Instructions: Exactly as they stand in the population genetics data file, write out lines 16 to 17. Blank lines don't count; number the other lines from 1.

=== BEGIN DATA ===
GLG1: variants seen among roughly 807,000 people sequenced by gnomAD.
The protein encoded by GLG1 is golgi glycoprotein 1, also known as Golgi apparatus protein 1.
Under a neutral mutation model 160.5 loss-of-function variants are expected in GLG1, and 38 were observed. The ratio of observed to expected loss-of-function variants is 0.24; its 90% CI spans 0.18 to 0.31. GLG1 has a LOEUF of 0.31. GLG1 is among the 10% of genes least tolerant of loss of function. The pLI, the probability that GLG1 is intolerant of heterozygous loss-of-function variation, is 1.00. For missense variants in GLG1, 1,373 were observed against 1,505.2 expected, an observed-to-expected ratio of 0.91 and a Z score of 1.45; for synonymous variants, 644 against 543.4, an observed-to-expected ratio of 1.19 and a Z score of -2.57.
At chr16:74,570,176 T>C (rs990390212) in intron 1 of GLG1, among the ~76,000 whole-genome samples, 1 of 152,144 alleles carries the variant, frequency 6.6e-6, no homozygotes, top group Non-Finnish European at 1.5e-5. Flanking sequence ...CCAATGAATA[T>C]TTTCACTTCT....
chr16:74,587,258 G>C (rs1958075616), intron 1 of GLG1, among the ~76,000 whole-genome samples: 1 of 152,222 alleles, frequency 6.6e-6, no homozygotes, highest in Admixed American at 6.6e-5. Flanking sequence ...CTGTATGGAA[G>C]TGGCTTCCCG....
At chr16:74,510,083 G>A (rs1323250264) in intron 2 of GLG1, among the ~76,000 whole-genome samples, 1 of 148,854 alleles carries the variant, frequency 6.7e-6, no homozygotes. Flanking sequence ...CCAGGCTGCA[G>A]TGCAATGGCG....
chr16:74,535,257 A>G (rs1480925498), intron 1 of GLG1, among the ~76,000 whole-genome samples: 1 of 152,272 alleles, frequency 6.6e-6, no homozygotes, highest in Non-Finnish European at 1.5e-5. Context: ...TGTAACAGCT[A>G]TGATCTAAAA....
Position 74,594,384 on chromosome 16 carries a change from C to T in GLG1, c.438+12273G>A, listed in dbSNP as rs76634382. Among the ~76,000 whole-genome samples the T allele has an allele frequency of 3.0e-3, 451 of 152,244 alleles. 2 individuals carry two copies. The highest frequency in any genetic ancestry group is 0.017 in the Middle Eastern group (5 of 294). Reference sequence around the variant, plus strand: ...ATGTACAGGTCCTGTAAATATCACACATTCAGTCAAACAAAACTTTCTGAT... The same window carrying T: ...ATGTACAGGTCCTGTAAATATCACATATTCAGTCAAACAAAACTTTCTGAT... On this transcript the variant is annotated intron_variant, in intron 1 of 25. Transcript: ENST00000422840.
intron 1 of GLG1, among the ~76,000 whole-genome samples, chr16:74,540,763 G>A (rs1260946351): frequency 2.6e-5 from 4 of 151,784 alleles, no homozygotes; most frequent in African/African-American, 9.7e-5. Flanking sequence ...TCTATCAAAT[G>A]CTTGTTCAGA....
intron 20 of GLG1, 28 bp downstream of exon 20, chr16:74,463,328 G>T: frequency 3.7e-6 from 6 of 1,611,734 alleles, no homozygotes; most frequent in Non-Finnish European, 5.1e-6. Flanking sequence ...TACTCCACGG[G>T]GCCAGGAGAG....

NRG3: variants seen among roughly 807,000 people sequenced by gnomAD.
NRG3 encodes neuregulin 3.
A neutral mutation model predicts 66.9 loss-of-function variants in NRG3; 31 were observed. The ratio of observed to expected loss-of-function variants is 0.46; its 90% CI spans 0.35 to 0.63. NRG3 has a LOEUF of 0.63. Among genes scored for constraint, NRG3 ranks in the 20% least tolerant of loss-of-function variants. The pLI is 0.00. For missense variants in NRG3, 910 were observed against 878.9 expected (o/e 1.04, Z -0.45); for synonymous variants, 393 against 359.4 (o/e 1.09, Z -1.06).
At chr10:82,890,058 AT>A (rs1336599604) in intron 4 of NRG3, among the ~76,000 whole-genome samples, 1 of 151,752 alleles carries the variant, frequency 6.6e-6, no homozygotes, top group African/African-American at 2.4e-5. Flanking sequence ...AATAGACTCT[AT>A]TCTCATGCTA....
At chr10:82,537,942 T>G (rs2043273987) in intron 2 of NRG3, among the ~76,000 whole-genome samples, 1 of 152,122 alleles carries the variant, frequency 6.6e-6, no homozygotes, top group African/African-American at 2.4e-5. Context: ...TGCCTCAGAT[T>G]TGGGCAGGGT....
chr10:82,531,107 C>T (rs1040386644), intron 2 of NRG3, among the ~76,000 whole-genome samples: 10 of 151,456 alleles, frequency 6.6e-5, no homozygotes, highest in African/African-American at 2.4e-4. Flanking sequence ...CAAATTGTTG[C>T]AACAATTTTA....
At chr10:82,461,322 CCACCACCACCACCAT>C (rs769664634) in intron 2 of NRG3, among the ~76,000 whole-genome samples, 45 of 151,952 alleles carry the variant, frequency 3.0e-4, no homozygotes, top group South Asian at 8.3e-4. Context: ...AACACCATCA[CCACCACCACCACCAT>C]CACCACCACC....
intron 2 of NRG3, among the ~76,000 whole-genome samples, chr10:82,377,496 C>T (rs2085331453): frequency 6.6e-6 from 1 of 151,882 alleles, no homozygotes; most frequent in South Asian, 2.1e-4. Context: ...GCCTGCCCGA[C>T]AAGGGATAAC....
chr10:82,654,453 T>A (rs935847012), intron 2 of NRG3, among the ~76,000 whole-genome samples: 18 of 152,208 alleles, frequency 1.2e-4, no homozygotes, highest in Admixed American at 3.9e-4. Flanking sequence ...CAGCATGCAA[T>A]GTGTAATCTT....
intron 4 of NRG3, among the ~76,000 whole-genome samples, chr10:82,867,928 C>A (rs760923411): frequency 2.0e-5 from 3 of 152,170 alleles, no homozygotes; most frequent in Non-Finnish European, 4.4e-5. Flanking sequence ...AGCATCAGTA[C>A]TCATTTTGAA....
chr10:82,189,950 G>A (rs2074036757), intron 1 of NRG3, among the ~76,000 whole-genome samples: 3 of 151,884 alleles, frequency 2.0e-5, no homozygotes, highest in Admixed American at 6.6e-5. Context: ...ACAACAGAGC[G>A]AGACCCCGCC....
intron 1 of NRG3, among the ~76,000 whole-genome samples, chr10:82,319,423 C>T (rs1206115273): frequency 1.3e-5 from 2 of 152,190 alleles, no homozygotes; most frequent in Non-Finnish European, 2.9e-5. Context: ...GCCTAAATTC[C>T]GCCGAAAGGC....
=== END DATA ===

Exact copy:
chr10:82,531,107 C>T (rs1040386644), intron 2 of NRG3, among the ~76,000 whole-genome samples: 10 of 151,456 alleles, frequency 6.6e-5, no homozygotes, highest in African/African-American at 2.4e-4. Flanking sequence ...CAAATTGTTG[C>T]AACAATTTTA....
At chr10:82,461,322 CCACCACCACCACCAT>C (rs769664634) in intron 2 of NRG3, among the ~76,000 whole-genome samples, 45 of 151,952 alleles carry the variant, frequency 3.0e-4, no homozygotes, top group South Asian at 8.3e-4. Context: ...AACACCATCA[CCACCACCACCACCAT>C]CACCACCACC....